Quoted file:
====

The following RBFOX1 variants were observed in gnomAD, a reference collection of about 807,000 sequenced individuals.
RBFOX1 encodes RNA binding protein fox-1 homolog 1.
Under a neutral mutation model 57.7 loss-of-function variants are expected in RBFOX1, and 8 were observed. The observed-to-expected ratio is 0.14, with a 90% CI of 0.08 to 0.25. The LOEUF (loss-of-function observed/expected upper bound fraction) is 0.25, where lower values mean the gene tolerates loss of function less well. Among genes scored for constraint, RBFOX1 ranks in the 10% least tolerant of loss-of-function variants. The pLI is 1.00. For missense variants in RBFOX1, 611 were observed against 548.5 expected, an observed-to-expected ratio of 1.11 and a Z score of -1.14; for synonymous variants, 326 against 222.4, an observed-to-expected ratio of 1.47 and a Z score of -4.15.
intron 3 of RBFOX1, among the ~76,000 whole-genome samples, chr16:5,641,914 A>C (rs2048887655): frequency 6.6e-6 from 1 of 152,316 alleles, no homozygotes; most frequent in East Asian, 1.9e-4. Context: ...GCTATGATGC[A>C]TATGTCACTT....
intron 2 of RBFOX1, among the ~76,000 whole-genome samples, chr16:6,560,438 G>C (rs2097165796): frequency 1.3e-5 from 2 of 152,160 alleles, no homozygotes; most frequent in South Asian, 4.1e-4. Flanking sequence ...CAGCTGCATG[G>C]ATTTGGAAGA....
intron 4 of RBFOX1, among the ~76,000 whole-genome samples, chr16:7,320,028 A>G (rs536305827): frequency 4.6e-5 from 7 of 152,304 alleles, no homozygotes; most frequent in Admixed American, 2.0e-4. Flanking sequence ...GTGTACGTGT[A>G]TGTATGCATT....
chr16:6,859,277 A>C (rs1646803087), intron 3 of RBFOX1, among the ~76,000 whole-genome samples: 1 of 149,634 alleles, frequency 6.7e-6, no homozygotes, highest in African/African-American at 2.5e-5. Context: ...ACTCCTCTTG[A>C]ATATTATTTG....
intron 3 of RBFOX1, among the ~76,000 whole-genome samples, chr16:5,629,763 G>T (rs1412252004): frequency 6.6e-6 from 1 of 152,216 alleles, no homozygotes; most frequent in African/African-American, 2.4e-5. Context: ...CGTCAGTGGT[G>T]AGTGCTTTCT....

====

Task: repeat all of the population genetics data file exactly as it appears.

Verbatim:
The following RBFOX1 variants were observed in gnomAD, a reference collection of about 807,000 sequenced individuals.
RBFOX1 encodes RNA binding protein fox-1 homolog 1.
Under a neutral mutation model 57.7 loss-of-function variants are expected in RBFOX1, and 8 were observed. The observed-to-expected ratio is 0.14, with a 90% CI of 0.08 to 0.25. The LOEUF (loss-of-function observed/expected upper bound fraction) is 0.25, where lower values mean the gene tolerates loss of function less well. Among genes scored for constraint, RBFOX1 ranks in the 10% least tolerant of loss-of-function variants. The pLI is 1.00. For missense variants in RBFOX1, 611 were observed against 548.5 expected, an observed-to-expected ratio of 1.11 and a Z score of -1.14; for synonymous variants, 326 against 222.4, an observed-to-expected ratio of 1.47 and a Z score of -4.15.
intron 3 of RBFOX1, among the ~76,000 whole-genome samples, chr16:5,641,914 A>C (rs2048887655): frequency 6.6e-6 from 1 of 152,316 alleles, no homozygotes; most frequent in East Asian, 1.9e-4. Context: ...GCTATGATGC[A>C]TATGTCACTT....
intron 2 of RBFOX1, among the ~76,000 whole-genome samples, chr16:6,560,438 G>C (rs2097165796): frequency 1.3e-5 from 2 of 152,160 alleles, no homozygotes; most frequent in South Asian, 4.1e-4. Flanking sequence ...CAGCTGCATG[G>C]ATTTGGAAGA....
intron 4 of RBFOX1, among the ~76,000 whole-genome samples, chr16:7,320,028 A>G (rs536305827): frequency 4.6e-5 from 7 of 152,304 alleles, no homozygotes; most frequent in Admixed American, 2.0e-4. Flanking sequence ...GTGTACGTGT[A>G]TGTATGCATT....
chr16:6,859,277 A>C (rs1646803087), intron 3 of RBFOX1, among the ~76,000 whole-genome samples: 1 of 149,634 alleles, frequency 6.7e-6, no homozygotes, highest in African/African-American at 2.5e-5. Context: ...ACTCCTCTTG[A>C]ATATTATTTG....
intron 3 of RBFOX1, among the ~76,000 whole-genome samples, chr16:5,629,763 G>T (rs1412252004): frequency 6.6e-6 from 1 of 152,216 alleles, no homozygotes; most frequent in African/African-American, 2.4e-5. Context: ...CGTCAGTGGT[G>T]AGTGCTTTCT....